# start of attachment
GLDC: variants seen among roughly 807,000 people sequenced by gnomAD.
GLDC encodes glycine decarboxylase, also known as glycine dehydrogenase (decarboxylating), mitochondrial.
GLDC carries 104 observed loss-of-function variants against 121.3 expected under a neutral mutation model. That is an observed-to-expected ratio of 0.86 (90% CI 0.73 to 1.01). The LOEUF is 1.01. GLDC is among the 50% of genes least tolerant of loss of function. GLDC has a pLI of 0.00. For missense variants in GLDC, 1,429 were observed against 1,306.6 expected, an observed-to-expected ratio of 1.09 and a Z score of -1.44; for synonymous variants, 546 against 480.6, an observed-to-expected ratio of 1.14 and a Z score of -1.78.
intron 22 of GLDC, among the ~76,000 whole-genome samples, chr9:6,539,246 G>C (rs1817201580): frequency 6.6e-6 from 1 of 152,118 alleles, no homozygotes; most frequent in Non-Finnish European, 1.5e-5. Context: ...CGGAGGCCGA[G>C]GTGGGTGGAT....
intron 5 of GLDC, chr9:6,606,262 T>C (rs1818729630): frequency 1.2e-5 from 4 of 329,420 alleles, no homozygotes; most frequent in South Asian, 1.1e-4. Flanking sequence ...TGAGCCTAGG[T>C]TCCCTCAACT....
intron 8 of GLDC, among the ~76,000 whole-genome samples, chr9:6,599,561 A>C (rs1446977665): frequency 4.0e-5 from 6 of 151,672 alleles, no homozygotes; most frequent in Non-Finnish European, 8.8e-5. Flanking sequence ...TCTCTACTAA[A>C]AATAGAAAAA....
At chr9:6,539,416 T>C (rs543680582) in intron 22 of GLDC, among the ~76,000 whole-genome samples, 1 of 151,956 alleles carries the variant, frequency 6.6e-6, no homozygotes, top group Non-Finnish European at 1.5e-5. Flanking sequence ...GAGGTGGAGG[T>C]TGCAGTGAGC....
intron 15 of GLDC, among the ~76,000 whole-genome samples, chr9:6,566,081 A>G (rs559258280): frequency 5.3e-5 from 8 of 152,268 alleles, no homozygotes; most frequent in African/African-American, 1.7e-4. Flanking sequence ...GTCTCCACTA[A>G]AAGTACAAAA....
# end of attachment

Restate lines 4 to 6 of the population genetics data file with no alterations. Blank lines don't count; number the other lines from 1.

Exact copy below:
intron 22 of GLDC, among the ~76,000 whole-genome samples, chr9:6,539,246 G>C (rs1817201580): frequency 6.6e-6 from 1 of 152,118 alleles, no homozygotes; most frequent in Non-Finnish European, 1.5e-5. Context: ...CGGAGGCCGA[G>C]GTGGGTGGAT....
intron 5 of GLDC, chr9:6,606,262 T>C (rs1818729630): frequency 1.2e-5 from 4 of 329,420 alleles, no homozygotes; most frequent in South Asian, 1.1e-4. Flanking sequence ...TGAGCCTAGG[T>C]TCCCTCAACT....
intron 8 of GLDC, among the ~76,000 whole-genome samples, chr9:6,599,561 A>C (rs1446977665): frequency 4.0e-5 from 6 of 151,672 alleles, no homozygotes; most frequent in Non-Finnish European, 8.8e-5. Flanking sequence ...TCTCTACTAA[A>C]AATAGAAAAA....